This Christmas, TAKE More Than You Give, Catholic Author Urges

With the Christmas shopping season in full swing again, people can feel compelled to buy gifts for various friends and family members, frantically spending much of December looking for the “right gift” for each person.

As a result, and along with the preparation for and participating in various holiday parties, many will greet the arrival of December 25 as a relief, and promptly kick the Christmas tree to the curb the following morning—and even though the real Christmas Season will have just begun.

“Consequently, we need to slow down and take time for ourselves,” emphasizes Tom Nash, acclaimed author of the new book What DID Jesus Do?: The Biblical Roots of the Catholic Church. “Embrace your finitude, or it will embrace you and those whom you love—and painfully so.”

“We need to become childlike and renew our wonder—or experience it the first time—for the one who became a Child, so that we ‘may have life, and have it abundantly’ (Jn. 10:10), and so that we can help give that life to others,” says Nash. “On that very first Christmas, Jesus clues us in on the special way he’ll provide that life through the place he’s born: Bethlehem, which means ‘house of bread.’”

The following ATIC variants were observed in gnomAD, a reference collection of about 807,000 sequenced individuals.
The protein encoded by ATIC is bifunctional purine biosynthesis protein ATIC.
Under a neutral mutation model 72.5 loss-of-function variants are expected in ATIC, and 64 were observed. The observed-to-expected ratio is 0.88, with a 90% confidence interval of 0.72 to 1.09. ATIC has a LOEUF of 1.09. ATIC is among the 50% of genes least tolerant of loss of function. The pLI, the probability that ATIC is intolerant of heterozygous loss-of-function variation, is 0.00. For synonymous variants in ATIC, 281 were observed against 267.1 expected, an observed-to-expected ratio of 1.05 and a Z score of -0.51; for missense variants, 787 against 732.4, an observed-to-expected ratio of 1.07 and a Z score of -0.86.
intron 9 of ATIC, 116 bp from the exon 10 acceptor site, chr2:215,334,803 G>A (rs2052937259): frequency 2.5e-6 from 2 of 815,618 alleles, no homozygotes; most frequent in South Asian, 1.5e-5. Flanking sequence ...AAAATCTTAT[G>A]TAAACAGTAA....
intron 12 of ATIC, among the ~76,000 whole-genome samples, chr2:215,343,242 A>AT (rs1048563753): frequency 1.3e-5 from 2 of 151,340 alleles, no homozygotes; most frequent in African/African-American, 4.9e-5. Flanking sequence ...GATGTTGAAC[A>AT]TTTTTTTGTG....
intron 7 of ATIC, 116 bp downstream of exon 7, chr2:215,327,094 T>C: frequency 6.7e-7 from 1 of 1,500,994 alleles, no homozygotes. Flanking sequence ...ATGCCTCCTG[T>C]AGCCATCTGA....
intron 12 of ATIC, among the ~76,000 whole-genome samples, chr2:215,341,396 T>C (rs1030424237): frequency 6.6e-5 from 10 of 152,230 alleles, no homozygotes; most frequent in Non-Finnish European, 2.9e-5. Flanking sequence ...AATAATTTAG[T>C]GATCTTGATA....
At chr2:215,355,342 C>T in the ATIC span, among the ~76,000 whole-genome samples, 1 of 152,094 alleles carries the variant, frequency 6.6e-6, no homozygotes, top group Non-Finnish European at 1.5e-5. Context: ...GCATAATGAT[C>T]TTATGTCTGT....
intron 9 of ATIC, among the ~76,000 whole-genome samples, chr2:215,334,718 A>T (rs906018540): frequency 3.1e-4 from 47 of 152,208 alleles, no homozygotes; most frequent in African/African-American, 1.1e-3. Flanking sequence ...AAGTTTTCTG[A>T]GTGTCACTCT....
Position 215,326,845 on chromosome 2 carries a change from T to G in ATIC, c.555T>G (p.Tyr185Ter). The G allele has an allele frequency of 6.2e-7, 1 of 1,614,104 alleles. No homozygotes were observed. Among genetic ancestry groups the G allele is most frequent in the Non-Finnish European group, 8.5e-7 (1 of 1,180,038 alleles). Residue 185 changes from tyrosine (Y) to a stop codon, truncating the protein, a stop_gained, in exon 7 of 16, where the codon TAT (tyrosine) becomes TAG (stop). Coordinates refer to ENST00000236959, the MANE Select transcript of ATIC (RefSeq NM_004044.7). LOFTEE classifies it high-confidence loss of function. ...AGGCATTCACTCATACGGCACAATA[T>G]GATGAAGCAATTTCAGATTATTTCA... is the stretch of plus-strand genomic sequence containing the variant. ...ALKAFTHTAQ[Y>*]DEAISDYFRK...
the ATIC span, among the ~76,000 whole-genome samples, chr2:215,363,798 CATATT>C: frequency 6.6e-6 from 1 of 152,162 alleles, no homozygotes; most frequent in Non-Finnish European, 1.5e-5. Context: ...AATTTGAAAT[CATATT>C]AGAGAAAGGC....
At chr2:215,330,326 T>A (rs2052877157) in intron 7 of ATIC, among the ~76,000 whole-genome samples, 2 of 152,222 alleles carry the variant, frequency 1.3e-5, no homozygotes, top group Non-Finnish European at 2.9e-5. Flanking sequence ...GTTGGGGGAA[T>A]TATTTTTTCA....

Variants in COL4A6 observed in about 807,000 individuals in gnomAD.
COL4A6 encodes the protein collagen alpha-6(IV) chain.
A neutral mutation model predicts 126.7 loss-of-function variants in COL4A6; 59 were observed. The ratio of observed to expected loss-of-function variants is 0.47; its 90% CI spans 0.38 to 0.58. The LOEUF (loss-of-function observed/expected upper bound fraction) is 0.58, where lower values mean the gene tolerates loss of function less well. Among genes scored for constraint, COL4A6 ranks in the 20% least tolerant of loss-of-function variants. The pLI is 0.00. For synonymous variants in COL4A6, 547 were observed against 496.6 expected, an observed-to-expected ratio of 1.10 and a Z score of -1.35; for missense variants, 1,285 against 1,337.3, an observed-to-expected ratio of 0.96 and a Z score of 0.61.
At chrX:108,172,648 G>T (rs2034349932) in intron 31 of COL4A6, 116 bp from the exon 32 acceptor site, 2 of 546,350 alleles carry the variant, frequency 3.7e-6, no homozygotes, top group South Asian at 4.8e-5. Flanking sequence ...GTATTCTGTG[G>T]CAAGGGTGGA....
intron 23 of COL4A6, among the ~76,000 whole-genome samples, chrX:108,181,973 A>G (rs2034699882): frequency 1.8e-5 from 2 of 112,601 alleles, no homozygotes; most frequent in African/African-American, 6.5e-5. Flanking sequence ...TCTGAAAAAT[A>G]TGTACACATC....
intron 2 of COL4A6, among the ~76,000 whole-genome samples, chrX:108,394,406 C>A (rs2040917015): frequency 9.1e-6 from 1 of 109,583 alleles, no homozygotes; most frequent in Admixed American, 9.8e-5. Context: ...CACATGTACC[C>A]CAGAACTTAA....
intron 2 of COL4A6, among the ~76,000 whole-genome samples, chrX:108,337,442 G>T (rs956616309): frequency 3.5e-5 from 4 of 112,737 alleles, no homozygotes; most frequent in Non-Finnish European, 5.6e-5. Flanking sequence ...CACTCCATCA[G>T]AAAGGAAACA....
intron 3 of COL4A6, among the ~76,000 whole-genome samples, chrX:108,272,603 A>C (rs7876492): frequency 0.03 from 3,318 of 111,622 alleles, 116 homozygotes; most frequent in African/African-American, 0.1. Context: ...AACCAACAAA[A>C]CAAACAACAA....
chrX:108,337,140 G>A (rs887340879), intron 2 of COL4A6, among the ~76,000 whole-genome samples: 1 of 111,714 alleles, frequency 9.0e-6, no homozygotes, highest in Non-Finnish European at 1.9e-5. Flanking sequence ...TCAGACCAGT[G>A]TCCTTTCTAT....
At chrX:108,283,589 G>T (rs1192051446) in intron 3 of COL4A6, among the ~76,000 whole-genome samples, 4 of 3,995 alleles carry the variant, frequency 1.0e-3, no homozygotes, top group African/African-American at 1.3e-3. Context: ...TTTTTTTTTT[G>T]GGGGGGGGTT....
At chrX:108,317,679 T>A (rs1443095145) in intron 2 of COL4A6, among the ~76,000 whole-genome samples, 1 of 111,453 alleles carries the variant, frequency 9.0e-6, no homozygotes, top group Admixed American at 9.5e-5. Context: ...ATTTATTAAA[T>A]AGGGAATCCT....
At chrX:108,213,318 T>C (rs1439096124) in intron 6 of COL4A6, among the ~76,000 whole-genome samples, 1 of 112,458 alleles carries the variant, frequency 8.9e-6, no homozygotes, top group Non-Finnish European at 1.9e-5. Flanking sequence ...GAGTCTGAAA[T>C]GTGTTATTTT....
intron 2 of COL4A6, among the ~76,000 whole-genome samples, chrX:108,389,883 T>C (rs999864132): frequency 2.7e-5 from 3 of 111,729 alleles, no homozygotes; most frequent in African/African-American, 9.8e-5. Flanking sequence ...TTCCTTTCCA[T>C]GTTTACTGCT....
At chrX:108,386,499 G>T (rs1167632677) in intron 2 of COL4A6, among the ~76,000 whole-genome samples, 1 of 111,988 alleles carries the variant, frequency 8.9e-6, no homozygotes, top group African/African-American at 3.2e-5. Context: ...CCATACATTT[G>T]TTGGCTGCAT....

“Jesus goes on to proclaim he’s ‘the bread of life,’ astonishingly adding that ‘he who eats my flesh and drinks my blood has eternal life, and I will raise him up at the last day’ (Jn. 6:51, 54),” says Nash. “Jesus provides this living bread at every Catholic Mass in the Holy Eucharist, in which the faithful profoundly remember Christ’s one atoning Sacrifice of Calvary.”

“I realize that’s a mouthful if you’re hearing it for the first time, figuratively and literally,” says Nash with a laugh, “or if you haven’t heard it for awhile. But that’s what Jesus comes to do. To bring us all together by becoming redemptive New Covenant Passover food on our

behalf! (1 Cor. 10:16-17).”

And while receiving the Eucharist is normally reserved for Catholics, anyone can powerfully encounter Jesus by simply visiting a nearby Catholic church—and spiritually commune with him in intimacy.

“It’s true that God is omnipresent and thus everywhere,” says Nash. “But similar to how God manifested himself most intimately in…

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